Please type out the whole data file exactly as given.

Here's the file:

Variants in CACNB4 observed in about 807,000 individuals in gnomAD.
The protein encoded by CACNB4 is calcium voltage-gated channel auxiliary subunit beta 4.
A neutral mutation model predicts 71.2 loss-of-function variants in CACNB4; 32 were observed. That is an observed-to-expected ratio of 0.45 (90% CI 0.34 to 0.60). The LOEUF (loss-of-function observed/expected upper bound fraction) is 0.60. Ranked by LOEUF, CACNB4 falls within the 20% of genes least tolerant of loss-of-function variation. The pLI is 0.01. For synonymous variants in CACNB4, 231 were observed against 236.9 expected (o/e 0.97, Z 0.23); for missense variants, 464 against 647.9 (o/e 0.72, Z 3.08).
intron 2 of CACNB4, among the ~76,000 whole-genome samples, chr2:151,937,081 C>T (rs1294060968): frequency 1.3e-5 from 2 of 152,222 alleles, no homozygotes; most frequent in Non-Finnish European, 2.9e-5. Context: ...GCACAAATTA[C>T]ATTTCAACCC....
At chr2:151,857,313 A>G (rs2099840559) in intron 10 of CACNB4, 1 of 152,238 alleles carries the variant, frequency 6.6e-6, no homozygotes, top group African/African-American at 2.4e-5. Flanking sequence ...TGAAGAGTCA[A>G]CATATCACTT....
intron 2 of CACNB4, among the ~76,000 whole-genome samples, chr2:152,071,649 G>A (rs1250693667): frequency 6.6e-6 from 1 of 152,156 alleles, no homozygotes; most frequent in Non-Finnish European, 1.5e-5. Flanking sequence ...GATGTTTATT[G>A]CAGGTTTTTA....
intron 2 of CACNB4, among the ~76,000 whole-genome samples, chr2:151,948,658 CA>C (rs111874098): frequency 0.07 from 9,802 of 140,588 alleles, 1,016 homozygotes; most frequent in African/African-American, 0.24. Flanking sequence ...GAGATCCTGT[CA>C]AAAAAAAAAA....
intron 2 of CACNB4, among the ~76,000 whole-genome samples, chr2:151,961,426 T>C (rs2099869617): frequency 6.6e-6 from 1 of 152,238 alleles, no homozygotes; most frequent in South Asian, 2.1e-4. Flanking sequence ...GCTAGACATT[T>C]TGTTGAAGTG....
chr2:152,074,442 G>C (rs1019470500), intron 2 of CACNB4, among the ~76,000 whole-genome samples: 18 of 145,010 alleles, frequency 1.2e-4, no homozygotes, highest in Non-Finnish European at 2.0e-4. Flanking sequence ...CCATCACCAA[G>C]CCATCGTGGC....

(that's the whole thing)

Variants in CACNB4 observed in about 807,000 individuals in gnomAD.
The protein encoded by CACNB4 is calcium voltage-gated channel auxiliary subunit beta 4.
A neutral mutation model predicts 71.2 loss-of-function variants in CACNB4; 32 were observed. That is an observed-to-expected ratio of 0.45 (90% CI 0.34 to 0.60). The LOEUF (loss-of-function observed/expected upper bound fraction) is 0.60. Ranked by LOEUF, CACNB4 falls within the 20% of genes least tolerant of loss-of-function variation. The pLI is 0.01. For synonymous variants in CACNB4, 231 were observed against 236.9 expected (o/e 0.97, Z 0.23); for missense variants, 464 against 647.9 (o/e 0.72, Z 3.08).
intron 2 of CACNB4, among the ~76,000 whole-genome samples, chr2:151,937,081 C>T (rs1294060968): frequency 1.3e-5 from 2 of 152,222 alleles, no homozygotes; most frequent in Non-Finnish European, 2.9e-5. Context: ...GCACAAATTA[C>T]ATTTCAACCC....
At chr2:151,857,313 A>G (rs2099840559) in intron 10 of CACNB4, 1 of 152,238 alleles carries the variant, frequency 6.6e-6, no homozygotes, top group African/African-American at 2.4e-5. Flanking sequence ...TGAAGAGTCA[A>G]CATATCACTT....
intron 2 of CACNB4, among the ~76,000 whole-genome samples, chr2:152,071,649 G>A (rs1250693667): frequency 6.6e-6 from 1 of 152,156 alleles, no homozygotes; most frequent in Non-Finnish European, 1.5e-5. Flanking sequence ...GATGTTTATT[G>A]CAGGTTTTTA....
intron 2 of CACNB4, among the ~76,000 whole-genome samples, chr2:151,948,658 CA>C (rs111874098): frequency 0.07 from 9,802 of 140,588 alleles, 1,016 homozygotes; most frequent in African/African-American, 0.24. Flanking sequence ...GAGATCCTGT[CA>C]AAAAAAAAAA....
intron 2 of CACNB4, among the ~76,000 whole-genome samples, chr2:151,961,426 T>C (rs2099869617): frequency 6.6e-6 from 1 of 152,238 alleles, no homozygotes; most frequent in South Asian, 2.1e-4. Flanking sequence ...GCTAGACATT[T>C]TGTTGAAGTG....
chr2:152,074,442 G>C (rs1019470500), intron 2 of CACNB4, among the ~76,000 whole-genome samples: 18 of 145,010 alleles, frequency 1.2e-4, no homozygotes, highest in Non-Finnish European at 2.0e-4. Flanking sequence ...CCATCACCAA[G>C]CCATCGTGGC....